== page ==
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Biden Cabinet members confirm virtual NAN confab

Rev Al Sharpton is framed by a portrait by Martin Luther King IMAGE Associated Press/ Mary Altaffer FILE

From Caribbean Life

Unlike in previous years when prior to his annual conventions Rev. Al Sharpton announced the names of potential, distinguished speakers to his annual National Action Network convention, this year, the Civil Rights activist seems to be cautious about naming the confirmed members of President Joe Biden cabinet he announced already committed to making an address during the virtual conference.

Last weekend during his hosting of Politics Nation broadcast on MSNBC, the outspoken advocate hinted that 13 individuals including members of Biden’s cabinet had already confirmed invitations to address delegates from April 14 – 17.

However, he did not detail the names or positions of the likely stellar representatives that comprise 15 executive level and nine cabinet members to the Biden administration.

Regardless, with social media access this year, the organization might surpass their usual 10,000 membership attendance as well as figures garnered from coverage from C-Span TV reports.

In past presentations the NAN gathering has attracted supporters who travel from across the nation to Times Square hotels in order to participate in what has developed to be the largest Civil Rights gathering in the entire USA.

Due to the virtual format mandated by pandemic restriction to stem the spread of COVID-19 it is likely a record number of global viewers who will log on to see and hear some of the most outspoken politicians deciding America’s future.

The fact the activist organization will also celebrate the 30th anniversary of its formation, an all-out attempt to making the 2021 gathering a memorable one will be significant.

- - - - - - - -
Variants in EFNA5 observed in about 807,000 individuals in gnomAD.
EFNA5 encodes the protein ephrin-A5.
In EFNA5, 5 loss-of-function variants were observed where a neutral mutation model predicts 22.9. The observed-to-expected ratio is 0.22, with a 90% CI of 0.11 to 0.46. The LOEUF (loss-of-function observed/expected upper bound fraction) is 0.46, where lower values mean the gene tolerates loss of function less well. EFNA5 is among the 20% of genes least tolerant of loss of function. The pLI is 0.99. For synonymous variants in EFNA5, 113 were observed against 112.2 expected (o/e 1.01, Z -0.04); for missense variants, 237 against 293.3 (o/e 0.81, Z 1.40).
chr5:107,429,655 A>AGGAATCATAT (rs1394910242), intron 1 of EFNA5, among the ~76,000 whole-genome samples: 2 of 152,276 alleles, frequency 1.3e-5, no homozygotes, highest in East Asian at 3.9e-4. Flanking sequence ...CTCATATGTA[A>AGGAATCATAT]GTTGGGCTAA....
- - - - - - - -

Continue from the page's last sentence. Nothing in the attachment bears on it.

NAN members are not unaccustomed to seeing and hearing from national political figures. Since its inception the founder has managed to attract the crème de la crème from a mostly Democratic landscape to include former Secretary of State Hillary Clinton and candidate and President Barack Obama.

With only a week to the four-day forum all the activist/preacher/TV commentator is saying is that “13 representatives from the Biden administration” are confirmed.

Even without specific names, Sharpton’s membership will likely Zoom in for surprises and empowering speeches from political game-changers they are aligned.

One such likely is Vice President Kamala Harris who made an appearance when she was a presidential candidate vying to defeat Donald Trump.

Along with other Democrats eager to beat the Republican leader who was confident he would win a second term in 2020 to the White House, Sen. Cory Booker of New Jersey, Elizabeth Warren of Massachusetts, Kirsten Gillibrand of New York, Amy Klobuchar of Minnesota, Bernie Sanders of Vermont all accepted invitations to speak in 2019.

Among the main attractions then was the newly installed Congresswoman Alexandria Ocasio Cortez who joined House Minority Speaker, Nancy Pelosi, Stacey Abrams of Georgia, John Delaney of Maryland, Eric Holder, former attorney general, Beto O’Rourke of Texas and NYC Mayor Bill de Blasio.

Along with a list of celebrities considered among the elite in entertainment, a record number of elevated women are among the speakers.

The annual has traditionally focused on issues plaguing the Black community.

Among them topics surrounding disfranchised youths, mass incarcerations and prison reform, immigration, housing, transportation, health, education, police brutality, emphasizing curative proposals to solving the inadequacies.

With prevalent anti-Asian sentiments, the current trial of the murderer of Floyd Lloyd and ambivalence of minorities to seek vaccinations against the coronavirus topical issues will emerge to stimulate participation and address the concerns.

Speculations are that the membership would most likely want to confer with 38-year-old, Transportation Secretary Pete Buttigeg, the youngest of nine cabinet member of the Biden administration.

Also on the list of preferred speakers, Attorney General Merrick Garland, who was nominated by President Barack Obama but denied approval by the Republican Senate majority to join lifelong members of the Supreme Court.

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